[kawr-puh-suh l, -puhs-uh l]
Biology. an unattached cell, especially of a kind that floats freely, as a blood or lymph cell.
Anatomy. a small mass or body forming a more or less distinct part, as the sensory receptors at nerve terminals.
Physical Chemistry. a minute or elementary particle of matter, as an electron, proton, or atom.
any minute particle.
Also cor·pus·cule [kawr-puhs-kyool] /kɔrˈpʌs kyul/
Origin of corpuscle
1650–60;Related formscor·pus·cu·lar [kawr-puhs-kyuh-ler] /kɔrˈpʌs kyə lər/, cor·pus·cu·lat·ed [kawr-puhs-kyuh-ley-tid] /kɔrˈpʌs kyəˌleɪ tɪd/, cor·pus·cu·lous, adjectivecor·pus·cu·lar·i·ty [kawr-puhs-kyuh-lar-i-tee] /kɔrˌpʌs kyəˈlær ɪ ti/, nounin·ter·cor·pus·cu·lar, adjectivenon·cor·pus·cu·lar, adjective
< Latin corpusculum,
equivalent to corpus
body + -culum -cle1
Based on the Random House Unabridged Dictionary, © Random House, Inc. 2019
Examples from the Web for corpuscular
Historical Examples of corpuscular
The corpuscular theory, which the famous Newton advocated, is long since abandoned.
The late experiments of Dr. Young would incline us to prefer the undulatory to the corpuscular hypothesis.
When we apply the corpuscular theory to the reflection of light we find that it satisfactorily accounts for the phenomenon.
I refer to the effect of an atomic and gravitative Aether upon Newton's corpuscular theory of light.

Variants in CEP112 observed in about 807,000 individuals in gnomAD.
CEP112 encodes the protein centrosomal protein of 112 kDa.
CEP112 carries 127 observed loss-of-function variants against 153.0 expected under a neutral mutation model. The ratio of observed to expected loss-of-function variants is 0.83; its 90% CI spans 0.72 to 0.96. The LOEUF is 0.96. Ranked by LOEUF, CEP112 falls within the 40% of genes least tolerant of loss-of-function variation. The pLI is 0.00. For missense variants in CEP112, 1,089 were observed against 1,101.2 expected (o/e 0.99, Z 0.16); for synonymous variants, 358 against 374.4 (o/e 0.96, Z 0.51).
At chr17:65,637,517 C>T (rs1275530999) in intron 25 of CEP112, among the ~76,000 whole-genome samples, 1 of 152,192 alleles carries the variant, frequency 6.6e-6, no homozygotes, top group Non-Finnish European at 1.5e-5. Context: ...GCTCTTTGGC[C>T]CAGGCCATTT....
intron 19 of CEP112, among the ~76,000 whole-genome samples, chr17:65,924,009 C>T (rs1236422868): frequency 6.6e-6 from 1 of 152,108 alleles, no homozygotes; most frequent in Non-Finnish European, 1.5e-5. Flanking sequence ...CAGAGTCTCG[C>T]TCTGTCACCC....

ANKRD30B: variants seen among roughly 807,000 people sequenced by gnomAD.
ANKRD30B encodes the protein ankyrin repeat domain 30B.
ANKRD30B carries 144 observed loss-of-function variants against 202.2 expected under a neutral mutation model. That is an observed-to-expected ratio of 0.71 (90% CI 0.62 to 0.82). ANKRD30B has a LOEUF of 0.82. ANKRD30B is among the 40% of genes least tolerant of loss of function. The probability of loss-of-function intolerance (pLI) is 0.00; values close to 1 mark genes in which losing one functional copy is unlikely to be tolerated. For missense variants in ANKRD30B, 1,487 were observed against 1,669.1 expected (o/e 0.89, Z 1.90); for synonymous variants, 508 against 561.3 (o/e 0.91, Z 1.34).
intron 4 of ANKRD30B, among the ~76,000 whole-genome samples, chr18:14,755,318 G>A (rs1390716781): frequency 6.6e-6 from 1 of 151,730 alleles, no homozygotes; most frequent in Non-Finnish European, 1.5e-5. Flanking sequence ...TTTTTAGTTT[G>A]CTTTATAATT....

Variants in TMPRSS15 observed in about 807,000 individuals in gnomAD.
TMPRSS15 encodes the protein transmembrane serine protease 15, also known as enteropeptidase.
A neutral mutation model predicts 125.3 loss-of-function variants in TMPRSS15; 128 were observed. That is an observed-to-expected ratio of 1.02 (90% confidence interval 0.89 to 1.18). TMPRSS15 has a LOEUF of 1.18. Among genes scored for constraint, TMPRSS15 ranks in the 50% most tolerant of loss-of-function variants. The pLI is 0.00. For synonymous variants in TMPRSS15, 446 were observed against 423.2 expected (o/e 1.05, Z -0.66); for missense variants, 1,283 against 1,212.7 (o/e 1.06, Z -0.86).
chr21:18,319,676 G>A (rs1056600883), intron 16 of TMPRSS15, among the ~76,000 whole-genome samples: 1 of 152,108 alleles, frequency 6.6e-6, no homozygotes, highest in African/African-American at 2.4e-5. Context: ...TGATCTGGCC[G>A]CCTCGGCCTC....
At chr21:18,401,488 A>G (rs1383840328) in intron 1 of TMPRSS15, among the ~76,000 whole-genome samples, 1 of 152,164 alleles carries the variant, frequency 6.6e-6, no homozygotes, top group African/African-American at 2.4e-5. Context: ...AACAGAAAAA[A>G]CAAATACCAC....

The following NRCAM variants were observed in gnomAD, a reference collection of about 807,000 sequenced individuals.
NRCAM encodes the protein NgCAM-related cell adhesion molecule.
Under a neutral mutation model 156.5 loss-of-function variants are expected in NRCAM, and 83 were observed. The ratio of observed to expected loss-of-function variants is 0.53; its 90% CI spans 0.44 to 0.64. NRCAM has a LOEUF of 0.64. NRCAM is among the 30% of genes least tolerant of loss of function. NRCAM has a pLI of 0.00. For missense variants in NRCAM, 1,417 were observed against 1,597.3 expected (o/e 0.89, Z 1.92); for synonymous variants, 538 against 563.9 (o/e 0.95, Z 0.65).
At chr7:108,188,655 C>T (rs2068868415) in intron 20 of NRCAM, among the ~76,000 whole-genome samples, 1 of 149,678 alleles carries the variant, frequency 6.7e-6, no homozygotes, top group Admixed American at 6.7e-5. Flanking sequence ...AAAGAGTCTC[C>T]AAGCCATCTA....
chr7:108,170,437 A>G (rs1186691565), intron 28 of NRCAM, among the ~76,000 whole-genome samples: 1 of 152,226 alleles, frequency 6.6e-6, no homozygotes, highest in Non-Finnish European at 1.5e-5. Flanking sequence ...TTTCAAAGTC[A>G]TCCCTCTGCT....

In the Corpuscular theory we have luminous particles emitted by luminous bodies.
British Dictionary definitions for corpuscular
Derived Formscorpuscular (kɔːˈpʌskjʊlə), adjective any cell or similar minute body that is suspended in a fluid, esp any of the red blood corpuscles (erythrocytes) or white blood corpuscles (see leucocytes)See also erythrocyte, leucocyte
anatomy the encapsulated ending of a sensory nerve
physics a discrete particle such as an electron, photon, ion, or atom
Also called: corpuscule (kɔːˈpʌskjuːl) any minute particle
Word Origin for corpuscle
C17: from Latin corpusculum a little body, from corpus body
Collins English Dictionary - Complete & Unabridged 2012 Digital Edition
© William Collins Sons & Co. Ltd. 1979, 1986 © HarperCollins
Publishers 1998, 2000, 2003, 2005, 2006, 2007, 2009, 2012
Word Origin and History for corpuscular
1650s, "any small particle," from Latin corpusculum "a puny body; an atom, particle," diminutive of corpus "body" (see corporeal). First applied to blood cells 1845. Related: Corpuscular.
Online Etymology Dictionary, © 2010 Douglas Harper
Related formscor•pus′cu•lar (kôr-pŭs′kyə-lər) adj.
An unattached body cell, such as a blood or lymph cell.
A rounded, globular mass of cells, such as the pressure receptor on certain nerve endings.
The American Heritage® Stedman's Medical Dictionary
Copyright © 2002, 2001, 1995 by Houghton Mifflin Company. Published by Houghton Mifflin Company.
Any of various cellular or small multicellular structures in the body, especially a red or white blood cell.
The American Heritage® Science Dictionary
Copyright © 2011. Published by Houghton Mifflin Harcourt Publishing Company. All rights reserved.